Edinburgh Fringe 2015
“A major international co-production, Tomorrow is a profound, stunningly original meditation on needing care and needing to care. A young man suddenly finds himself in an alarmingly unfamiliar place, where everyone has his best interests at heart but he is not allowed to leave.”
A man, stooped so far over he feels liable to snap at any moment, wanders onto a darkly lit bare stage, a visual echo of the Fool in King Lear. And this indeed is “a night [that] pities neither wise man nor fool.” Vanishing Point’s latest play, Tomorrow, is a visceral examination of dementia, of the carers and the cared for. With dementia cases expected to triple by a third by 2050, this a is a tomorrow that waits in one form or another – as carer or cared for – for most of us.
Tomorrow may be all our tomorrows, but it is full to bursting with yesterdays. George, the stooped man, alone on the stage, is joined by a young man holding a bunch of flowers, late to visit his wife and their new-born daughter, Clare. Initially, the young man tries to help the older, but eventually the old man ram-charges the young, so that the two cobbled together lurch round the stage like some modern day centaur, half man, half beast: both are George at different stages of his life – he has met himself coming back.
Director, Matthew Lenton’s clever conception aligns form with content. Initially, George and his younger doppelganger, provide us with one story that we realise as the play goes on is the product of George’s confused mind. In moving inverse symmetry, the young man is not late for the hospital; rather he is trapped inside the elder’s head, eternally late, his wife long since dead and his daughter Clare, the one who is visiting him. Our own initial confusion echoes the characters’, then we step outside and watch care home residents and workers as observers with increased empathy drawn from our shared experience of disorientation.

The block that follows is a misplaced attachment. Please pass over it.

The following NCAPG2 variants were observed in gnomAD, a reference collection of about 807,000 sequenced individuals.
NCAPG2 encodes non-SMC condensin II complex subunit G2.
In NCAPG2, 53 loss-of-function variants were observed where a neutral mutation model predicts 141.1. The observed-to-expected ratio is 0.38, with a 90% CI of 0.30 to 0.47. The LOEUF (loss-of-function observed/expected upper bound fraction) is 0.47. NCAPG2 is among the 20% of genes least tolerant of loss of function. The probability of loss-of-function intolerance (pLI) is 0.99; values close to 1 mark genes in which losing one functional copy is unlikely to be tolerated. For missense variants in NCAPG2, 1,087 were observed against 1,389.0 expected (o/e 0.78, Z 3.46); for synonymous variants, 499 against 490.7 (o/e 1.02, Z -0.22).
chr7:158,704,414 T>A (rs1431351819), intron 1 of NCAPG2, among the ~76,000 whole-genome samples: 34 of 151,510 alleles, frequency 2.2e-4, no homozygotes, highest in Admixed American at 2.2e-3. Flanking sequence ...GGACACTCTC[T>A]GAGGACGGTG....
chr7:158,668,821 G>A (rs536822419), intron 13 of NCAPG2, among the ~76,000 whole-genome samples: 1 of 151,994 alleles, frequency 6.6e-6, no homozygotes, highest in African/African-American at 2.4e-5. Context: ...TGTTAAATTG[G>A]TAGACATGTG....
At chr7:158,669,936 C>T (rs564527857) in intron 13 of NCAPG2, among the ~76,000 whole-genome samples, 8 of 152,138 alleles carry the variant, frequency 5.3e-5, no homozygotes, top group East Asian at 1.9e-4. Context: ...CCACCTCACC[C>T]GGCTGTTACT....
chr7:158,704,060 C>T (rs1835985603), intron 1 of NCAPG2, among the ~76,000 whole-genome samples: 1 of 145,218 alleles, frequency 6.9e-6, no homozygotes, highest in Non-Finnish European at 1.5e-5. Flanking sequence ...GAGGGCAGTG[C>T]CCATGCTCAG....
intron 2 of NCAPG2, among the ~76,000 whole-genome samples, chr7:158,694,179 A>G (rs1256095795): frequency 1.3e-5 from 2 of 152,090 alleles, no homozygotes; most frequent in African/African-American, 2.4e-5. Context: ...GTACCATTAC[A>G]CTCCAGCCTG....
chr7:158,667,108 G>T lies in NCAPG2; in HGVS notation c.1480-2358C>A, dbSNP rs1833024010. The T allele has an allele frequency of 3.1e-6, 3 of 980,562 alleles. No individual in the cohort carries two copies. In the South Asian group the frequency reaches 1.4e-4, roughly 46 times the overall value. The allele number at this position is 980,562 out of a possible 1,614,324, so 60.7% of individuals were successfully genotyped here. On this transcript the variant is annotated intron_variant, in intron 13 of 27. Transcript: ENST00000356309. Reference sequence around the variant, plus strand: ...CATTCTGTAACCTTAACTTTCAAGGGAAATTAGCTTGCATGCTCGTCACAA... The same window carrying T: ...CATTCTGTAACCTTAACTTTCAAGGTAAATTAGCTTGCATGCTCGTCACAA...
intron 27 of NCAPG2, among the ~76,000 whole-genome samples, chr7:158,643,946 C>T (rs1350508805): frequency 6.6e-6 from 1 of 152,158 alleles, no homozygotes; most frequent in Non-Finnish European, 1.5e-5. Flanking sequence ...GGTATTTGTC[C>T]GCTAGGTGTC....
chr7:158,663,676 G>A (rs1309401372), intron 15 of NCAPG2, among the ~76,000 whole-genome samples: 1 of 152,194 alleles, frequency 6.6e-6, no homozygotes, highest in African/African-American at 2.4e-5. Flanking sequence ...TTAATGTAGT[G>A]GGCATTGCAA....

The characters lovingly create and caress their own masks which are later roughly forced on by care home workers. “Everyone you have ever known is in there. Be calm”, they coo as they struggle to mask the other. Suddenly the oft trotted out cliches we use to soothe seem instruments of torture. The use of masks is powerful, dividing them from others and constricting them inside themselves, They remind us of how too often we diminish old people simply to their present state, and see little of the complex and multi-faceted person that lies behind the mask.
The production veers between set piece tableaux and narrative in a way that sometimes occasionally jolts and seems more a product of its devised construction than a finished production. Nonetheless, the unsettling nature of trying to find meaning in an increasingly disjointed world move us powerfully in the characters’ space. Nurses, with the unenviable task of caring, find ways of coping, detached from those they care for by games and banter, stark banality against the residents’ infantility. Strong winds howl, children wander unnoticed around the characters, a solitary ball bounces incessantly.
Kai Fischer’s lighting deserves a special mention. From early silhouettes and shadows, moving out of the darkness into the light to later stages of the play where actors’ torches from the stage range across the audience, a discomforting reminder that we are part of this scenario, the lighting is integral to the production.
Matthew Lenton’s ensemble of eight actors deliver a show that knocks you sideways – a show that comes with a hefty, emotional punch and leaves you with much to think about – and a disturbing vision of the tomorrow that awaits us all.